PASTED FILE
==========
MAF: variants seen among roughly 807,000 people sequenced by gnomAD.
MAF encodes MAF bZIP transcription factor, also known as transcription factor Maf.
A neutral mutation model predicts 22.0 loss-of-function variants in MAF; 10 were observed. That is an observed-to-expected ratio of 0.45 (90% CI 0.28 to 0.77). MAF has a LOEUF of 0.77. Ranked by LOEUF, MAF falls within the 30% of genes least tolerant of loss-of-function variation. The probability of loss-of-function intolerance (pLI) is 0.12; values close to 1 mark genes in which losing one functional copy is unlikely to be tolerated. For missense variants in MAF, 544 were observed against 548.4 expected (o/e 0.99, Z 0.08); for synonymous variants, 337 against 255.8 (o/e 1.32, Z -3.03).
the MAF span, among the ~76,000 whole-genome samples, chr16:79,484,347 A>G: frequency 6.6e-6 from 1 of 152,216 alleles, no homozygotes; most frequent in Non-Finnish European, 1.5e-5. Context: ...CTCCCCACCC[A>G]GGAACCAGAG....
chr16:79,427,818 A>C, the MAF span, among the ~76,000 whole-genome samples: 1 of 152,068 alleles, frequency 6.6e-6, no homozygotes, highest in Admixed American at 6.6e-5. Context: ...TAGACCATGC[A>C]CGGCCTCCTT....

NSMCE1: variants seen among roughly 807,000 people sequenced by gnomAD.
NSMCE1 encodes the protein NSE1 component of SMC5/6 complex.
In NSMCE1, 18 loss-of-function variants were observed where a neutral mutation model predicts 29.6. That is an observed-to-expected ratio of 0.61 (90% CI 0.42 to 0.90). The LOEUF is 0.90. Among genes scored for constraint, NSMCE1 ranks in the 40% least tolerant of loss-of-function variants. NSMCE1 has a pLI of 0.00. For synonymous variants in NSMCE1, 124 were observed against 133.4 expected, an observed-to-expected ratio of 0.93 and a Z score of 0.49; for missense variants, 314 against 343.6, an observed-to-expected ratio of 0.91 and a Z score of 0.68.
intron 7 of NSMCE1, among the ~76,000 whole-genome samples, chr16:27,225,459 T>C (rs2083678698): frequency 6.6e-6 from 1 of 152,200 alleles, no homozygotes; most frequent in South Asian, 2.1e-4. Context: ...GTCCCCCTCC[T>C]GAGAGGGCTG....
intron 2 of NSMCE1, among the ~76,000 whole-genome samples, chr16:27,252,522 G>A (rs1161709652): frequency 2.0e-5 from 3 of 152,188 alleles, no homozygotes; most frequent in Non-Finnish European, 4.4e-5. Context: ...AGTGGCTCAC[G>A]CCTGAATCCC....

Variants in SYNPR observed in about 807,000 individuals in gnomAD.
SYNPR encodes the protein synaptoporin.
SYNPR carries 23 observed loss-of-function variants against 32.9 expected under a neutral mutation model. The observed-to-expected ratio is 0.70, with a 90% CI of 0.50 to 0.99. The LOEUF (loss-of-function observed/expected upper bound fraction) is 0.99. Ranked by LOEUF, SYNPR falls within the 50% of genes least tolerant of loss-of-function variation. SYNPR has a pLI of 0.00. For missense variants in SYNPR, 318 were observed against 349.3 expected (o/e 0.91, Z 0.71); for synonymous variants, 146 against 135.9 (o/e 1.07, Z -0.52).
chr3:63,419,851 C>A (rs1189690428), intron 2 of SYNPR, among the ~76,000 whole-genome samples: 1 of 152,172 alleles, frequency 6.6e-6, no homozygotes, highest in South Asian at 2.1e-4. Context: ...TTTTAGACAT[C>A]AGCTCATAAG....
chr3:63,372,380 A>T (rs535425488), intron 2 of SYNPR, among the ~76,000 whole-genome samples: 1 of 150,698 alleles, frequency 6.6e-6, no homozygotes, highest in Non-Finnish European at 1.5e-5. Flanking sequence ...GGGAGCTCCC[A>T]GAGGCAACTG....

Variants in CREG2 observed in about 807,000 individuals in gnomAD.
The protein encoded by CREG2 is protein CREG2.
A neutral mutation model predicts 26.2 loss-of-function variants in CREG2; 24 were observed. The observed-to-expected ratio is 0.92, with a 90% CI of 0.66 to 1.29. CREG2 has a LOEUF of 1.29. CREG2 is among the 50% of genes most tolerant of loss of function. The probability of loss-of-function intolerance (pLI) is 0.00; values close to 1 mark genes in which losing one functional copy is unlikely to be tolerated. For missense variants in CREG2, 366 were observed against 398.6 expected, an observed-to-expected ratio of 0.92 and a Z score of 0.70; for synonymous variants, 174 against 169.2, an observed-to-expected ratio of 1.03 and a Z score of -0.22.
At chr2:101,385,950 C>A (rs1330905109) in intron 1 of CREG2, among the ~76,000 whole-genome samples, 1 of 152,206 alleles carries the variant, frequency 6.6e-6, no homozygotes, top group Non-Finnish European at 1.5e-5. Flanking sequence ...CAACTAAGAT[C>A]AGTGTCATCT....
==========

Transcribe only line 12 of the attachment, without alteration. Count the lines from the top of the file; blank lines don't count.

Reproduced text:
SYNPR encodes the protein synaptoporin.